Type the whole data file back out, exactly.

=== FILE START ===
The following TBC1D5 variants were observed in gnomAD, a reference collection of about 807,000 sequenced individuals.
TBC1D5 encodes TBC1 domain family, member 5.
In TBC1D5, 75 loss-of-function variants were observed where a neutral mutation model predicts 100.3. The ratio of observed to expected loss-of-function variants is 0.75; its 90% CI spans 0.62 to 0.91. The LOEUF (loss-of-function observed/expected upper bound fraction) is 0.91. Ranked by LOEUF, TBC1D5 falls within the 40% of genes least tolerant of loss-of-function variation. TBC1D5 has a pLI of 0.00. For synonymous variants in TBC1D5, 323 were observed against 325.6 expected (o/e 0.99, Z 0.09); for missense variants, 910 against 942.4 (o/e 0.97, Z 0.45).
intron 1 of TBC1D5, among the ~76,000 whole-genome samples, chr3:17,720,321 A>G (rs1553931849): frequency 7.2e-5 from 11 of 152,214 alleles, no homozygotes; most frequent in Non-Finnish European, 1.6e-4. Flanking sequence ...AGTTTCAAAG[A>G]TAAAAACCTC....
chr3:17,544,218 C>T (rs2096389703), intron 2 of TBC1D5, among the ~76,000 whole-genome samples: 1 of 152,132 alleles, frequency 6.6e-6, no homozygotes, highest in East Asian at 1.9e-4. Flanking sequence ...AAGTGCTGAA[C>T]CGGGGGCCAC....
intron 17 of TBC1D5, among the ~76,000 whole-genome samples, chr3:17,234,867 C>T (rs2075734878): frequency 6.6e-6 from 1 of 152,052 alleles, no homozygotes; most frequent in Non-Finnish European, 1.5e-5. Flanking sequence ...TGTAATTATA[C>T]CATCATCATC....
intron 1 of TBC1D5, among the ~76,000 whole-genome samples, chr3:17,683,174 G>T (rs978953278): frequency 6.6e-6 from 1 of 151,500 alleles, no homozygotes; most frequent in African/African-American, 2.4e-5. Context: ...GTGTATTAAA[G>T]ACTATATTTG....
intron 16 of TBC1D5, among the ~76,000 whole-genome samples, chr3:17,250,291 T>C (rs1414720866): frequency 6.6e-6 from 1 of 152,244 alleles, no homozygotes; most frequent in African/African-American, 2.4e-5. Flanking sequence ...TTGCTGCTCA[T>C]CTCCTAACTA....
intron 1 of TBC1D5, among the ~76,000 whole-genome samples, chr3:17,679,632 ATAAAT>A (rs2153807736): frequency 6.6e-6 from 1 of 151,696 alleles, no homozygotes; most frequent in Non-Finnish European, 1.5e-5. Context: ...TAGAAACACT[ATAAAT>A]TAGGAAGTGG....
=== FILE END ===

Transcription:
The following TBC1D5 variants were observed in gnomAD, a reference collection of about 807,000 sequenced individuals.
TBC1D5 encodes TBC1 domain family, member 5.
In TBC1D5, 75 loss-of-function variants were observed where a neutral mutation model predicts 100.3. The ratio of observed to expected loss-of-function variants is 0.75; its 90% CI spans 0.62 to 0.91. The LOEUF (loss-of-function observed/expected upper bound fraction) is 0.91. Ranked by LOEUF, TBC1D5 falls within the 40% of genes least tolerant of loss-of-function variation. TBC1D5 has a pLI of 0.00. For synonymous variants in TBC1D5, 323 were observed against 325.6 expected (o/e 0.99, Z 0.09); for missense variants, 910 against 942.4 (o/e 0.97, Z 0.45).
intron 1 of TBC1D5, among the ~76,000 whole-genome samples, chr3:17,720,321 A>G (rs1553931849): frequency 7.2e-5 from 11 of 152,214 alleles, no homozygotes; most frequent in Non-Finnish European, 1.6e-4. Flanking sequence ...AGTTTCAAAG[A>G]TAAAAACCTC....
chr3:17,544,218 C>T (rs2096389703), intron 2 of TBC1D5, among the ~76,000 whole-genome samples: 1 of 152,132 alleles, frequency 6.6e-6, no homozygotes, highest in East Asian at 1.9e-4. Flanking sequence ...AAGTGCTGAA[C>T]CGGGGGCCAC....
intron 17 of TBC1D5, among the ~76,000 whole-genome samples, chr3:17,234,867 C>T (rs2075734878): frequency 6.6e-6 from 1 of 152,052 alleles, no homozygotes; most frequent in Non-Finnish European, 1.5e-5. Flanking sequence ...TGTAATTATA[C>T]CATCATCATC....
intron 1 of TBC1D5, among the ~76,000 whole-genome samples, chr3:17,683,174 G>T (rs978953278): frequency 6.6e-6 from 1 of 151,500 alleles, no homozygotes; most frequent in African/African-American, 2.4e-5. Context: ...GTGTATTAAA[G>T]ACTATATTTG....
intron 16 of TBC1D5, among the ~76,000 whole-genome samples, chr3:17,250,291 T>C (rs1414720866): frequency 6.6e-6 from 1 of 152,244 alleles, no homozygotes; most frequent in African/African-American, 2.4e-5. Flanking sequence ...TTGCTGCTCA[T>C]CTCCTAACTA....
intron 1 of TBC1D5, among the ~76,000 whole-genome samples, chr3:17,679,632 ATAAAT>A (rs2153807736): frequency 6.6e-6 from 1 of 151,696 alleles, no homozygotes; most frequent in Non-Finnish European, 1.5e-5. Context: ...TAGAAACACT[ATAAAT>A]TAGGAAGTGG....